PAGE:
I’ve just left my firstborn in Las Vegas. LAS VEGAS, a city I was proud to have never set foot in until nine months ago, when at the age of 44, I took my daughter there to tour the college. University, rather, a huge one, 30,000 students, the size of the entire *city* where I attended high school. And now she’s here, on this campus, in this triple digit heat, a quick two miles from urban chancre that is the Strip.
I’m writing this from a quiet hotel room, a modest Courtyard, where I sit ALONE. I am alone with a pool, a king sized bed, and enough disposable income to purchase any manner of alcohol, chocolate, or bath salts I might desire. Years ago, when the children were wee, I would’ve given 1.5 ovaries for this very setup—silence, personal space, and maid service—and yet I sit here alone, missing my daughter, who is striking off into this next chapter of her life.
She was such an intense baby. “High-need,” they euphemistically termed her. She came into the world howling and didn’t stop until she was three, I swear, and she Did. Not. Sleep. In those off moments when she did drift off, though, I still couldn’t let my guard down, because she had night terrors. And she sleepwalked. And she woke me up multiple times each night until she was 9—years, not months—old. She began speaking at 10 months old, and quickly developed the verbal ability to argue with (and eventually, sneakily) bargain with and even PERSUADE anyone who stood in her path. She was born a tiny adult trapped in an infant’s infuriatingly helpless body, and this discordance was her (and my) cross to bear, gradually lightening only as her actual age has approached the age she always thought she was.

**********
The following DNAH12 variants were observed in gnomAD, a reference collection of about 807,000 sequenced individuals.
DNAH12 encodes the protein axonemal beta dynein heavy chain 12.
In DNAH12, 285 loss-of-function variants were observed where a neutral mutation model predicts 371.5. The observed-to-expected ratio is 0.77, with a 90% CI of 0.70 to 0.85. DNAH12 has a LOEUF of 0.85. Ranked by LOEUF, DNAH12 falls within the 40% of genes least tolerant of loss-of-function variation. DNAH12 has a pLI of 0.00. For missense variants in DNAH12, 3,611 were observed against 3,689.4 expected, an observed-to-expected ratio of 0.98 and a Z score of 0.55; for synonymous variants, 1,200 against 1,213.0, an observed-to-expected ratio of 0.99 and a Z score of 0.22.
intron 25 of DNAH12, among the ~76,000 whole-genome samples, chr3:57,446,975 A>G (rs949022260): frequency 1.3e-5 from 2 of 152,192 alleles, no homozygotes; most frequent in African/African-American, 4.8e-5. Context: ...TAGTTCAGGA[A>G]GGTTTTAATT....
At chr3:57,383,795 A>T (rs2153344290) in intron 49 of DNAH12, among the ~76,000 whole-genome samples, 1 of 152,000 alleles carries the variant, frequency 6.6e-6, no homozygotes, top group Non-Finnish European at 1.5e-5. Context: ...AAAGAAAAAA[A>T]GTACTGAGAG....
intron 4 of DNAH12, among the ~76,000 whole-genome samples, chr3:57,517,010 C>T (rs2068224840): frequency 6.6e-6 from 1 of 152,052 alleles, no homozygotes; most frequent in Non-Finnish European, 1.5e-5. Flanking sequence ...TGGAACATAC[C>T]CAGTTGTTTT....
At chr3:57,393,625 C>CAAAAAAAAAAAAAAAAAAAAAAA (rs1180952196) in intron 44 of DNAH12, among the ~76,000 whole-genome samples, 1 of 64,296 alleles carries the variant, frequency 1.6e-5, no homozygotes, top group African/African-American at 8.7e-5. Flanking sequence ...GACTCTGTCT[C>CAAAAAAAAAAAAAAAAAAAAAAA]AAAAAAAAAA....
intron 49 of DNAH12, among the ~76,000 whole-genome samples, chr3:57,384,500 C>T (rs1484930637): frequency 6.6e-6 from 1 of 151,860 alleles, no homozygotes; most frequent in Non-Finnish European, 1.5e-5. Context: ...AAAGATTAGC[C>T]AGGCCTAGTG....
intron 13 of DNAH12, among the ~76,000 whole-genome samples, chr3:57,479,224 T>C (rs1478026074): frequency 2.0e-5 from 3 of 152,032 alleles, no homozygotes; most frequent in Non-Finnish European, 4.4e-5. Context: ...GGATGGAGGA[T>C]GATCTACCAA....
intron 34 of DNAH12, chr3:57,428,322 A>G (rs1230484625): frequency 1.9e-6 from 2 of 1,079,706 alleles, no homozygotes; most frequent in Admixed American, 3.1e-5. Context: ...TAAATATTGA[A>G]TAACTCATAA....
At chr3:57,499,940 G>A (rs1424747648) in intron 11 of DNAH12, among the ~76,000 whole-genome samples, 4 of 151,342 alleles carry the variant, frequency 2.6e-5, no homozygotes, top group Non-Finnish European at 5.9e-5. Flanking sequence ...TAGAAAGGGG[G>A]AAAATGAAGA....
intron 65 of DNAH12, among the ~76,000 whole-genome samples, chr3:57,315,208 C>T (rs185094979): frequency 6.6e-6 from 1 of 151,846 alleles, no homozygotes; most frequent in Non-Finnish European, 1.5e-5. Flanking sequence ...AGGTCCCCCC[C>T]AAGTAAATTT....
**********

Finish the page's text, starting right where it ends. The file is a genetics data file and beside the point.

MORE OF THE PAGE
I handled this process as well as I could at the time, but now, from the vantage point of wisdom and sufficient sleep, I have many regrets. I wish I could’ve given her more, been more present, less harried, less exhausted and (if we're being honest) angry when she was little. I wish I could’ve taken her more places, exposed her to more things. I wish I could’ve given her an intact family. My therapist tell me that these regrets are about my grief, my issues, my inadequacies—SHE IS FINE, he assures me.
As if to prove him right, here she is, one of several thousand young people in identical red T-shirts, learning the Runnin’ Rebels fight song, the layout of campus, the dorm rules, the meaning of consent as per the “tea” video. At 17, she has held several jobs, earned enough money to buy her first car and fund a trip to NYC, fixed her car, graduated with honors and enough credits to start college as a sophomore, done virtually all of the household grocery shopping and meal prep for over a year, and so much more. She even—with the help of a special 20-pound weighed blanket—sleeps through the night. I have never met a young person so ready to handle this transition into college.
When she was a baby, there were moments when I wasn’t sure I would survive her. Now, watching her spin off into the enormity of her future, I feel like I might not survive her absence. She came into this world and demanded more of me than I thought I had. She needed my physical presence to a degree unusual even for babies; she clung to me so tightly I could let go and she wouldn’t budge, her fingers twined in my hair and shirt, her tiny knees squeezing my ribs, even her tiny toes curling into my waist; my gibbon baby. I recall vividly the first time she deliberately pulled her hand out of mine—she was five and feeling her mettle—but even then, she stayed by my side. Even a week ago, for that matter, the center of her orbit was, if not me personally, a barycenter very near me. She came home every night to my home. We breathed the same air, ate at the same table, squabbled over the same household tasks.
No more. Her orbit has shifted, grown, expanded to soon encompass worlds neither of us can yet imagine. I look out over the campus and feel not only sadness and pride, but a twinge of envy. She will have opportunities I never even knew to hope for her. She will be home, of course, and for a while yet she will call it “home.” But these returns will feel more and more like visits, and her home will begin to form elsewhere. She will form it, as she has done everything else, with grit and will and principle. And I will support her as I have every day since she came into the world: imperfectly, but with perfect love.